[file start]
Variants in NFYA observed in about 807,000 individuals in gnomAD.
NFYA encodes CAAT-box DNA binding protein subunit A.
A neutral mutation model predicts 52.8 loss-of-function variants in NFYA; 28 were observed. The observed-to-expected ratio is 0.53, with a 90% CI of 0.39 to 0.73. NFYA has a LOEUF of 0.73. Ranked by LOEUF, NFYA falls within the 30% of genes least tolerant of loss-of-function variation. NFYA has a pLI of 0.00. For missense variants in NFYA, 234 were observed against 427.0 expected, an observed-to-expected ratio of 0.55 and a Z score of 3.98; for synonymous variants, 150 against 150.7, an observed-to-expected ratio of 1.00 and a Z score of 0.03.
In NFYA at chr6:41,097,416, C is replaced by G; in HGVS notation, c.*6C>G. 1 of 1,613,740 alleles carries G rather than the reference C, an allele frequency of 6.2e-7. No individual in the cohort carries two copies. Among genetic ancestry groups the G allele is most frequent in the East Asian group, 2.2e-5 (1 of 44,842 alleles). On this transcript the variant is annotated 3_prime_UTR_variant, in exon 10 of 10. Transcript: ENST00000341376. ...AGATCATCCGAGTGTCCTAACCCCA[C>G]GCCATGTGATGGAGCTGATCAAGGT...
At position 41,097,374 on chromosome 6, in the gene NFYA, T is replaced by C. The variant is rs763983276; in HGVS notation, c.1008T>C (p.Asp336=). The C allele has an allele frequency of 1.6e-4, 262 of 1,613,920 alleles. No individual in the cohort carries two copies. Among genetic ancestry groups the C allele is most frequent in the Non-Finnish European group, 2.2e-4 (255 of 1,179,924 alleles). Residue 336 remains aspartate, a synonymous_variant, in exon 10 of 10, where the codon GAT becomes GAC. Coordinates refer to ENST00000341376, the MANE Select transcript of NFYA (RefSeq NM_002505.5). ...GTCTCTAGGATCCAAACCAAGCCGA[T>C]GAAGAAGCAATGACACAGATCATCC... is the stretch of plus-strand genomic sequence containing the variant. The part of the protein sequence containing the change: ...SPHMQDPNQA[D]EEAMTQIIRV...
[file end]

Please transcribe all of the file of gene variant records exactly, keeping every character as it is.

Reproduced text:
Variants in NFYA observed in about 807,000 individuals in gnomAD.
NFYA encodes CAAT-box DNA binding protein subunit A.
A neutral mutation model predicts 52.8 loss-of-function variants in NFYA; 28 were observed. The observed-to-expected ratio is 0.53, with a 90% CI of 0.39 to 0.73. NFYA has a LOEUF of 0.73. Ranked by LOEUF, NFYA falls within the 30% of genes least tolerant of loss-of-function variation. NFYA has a pLI of 0.00. For missense variants in NFYA, 234 were observed against 427.0 expected, an observed-to-expected ratio of 0.55 and a Z score of 3.98; for synonymous variants, 150 against 150.7, an observed-to-expected ratio of 1.00 and a Z score of 0.03.
In NFYA at chr6:41,097,416, C is replaced by G; in HGVS notation, c.*6C>G. 1 of 1,613,740 alleles carries G rather than the reference C, an allele frequency of 6.2e-7. No individual in the cohort carries two copies. Among genetic ancestry groups the G allele is most frequent in the East Asian group, 2.2e-5 (1 of 44,842 alleles). On this transcript the variant is annotated 3_prime_UTR_variant, in exon 10 of 10. Transcript: ENST00000341376. ...AGATCATCCGAGTGTCCTAACCCCA[C>G]GCCATGTGATGGAGCTGATCAAGGT...
At position 41,097,374 on chromosome 6, in the gene NFYA, T is replaced by C. The variant is rs763983276; in HGVS notation, c.1008T>C (p.Asp336=). The C allele has an allele frequency of 1.6e-4, 262 of 1,613,920 alleles. No individual in the cohort carries two copies. Among genetic ancestry groups the C allele is most frequent in the Non-Finnish European group, 2.2e-4 (255 of 1,179,924 alleles). Residue 336 remains aspartate, a synonymous_variant, in exon 10 of 10, where the codon GAT becomes GAC. Coordinates refer to ENST00000341376, the MANE Select transcript of NFYA (RefSeq NM_002505.5). ...GTCTCTAGGATCCAAACCAAGCCGA[T>C]GAAGAAGCAATGACACAGATCATCC... is the stretch of plus-strand genomic sequence containing the variant. The part of the protein sequence containing the change: ...SPHMQDPNQA[D]EEAMTQIIRV...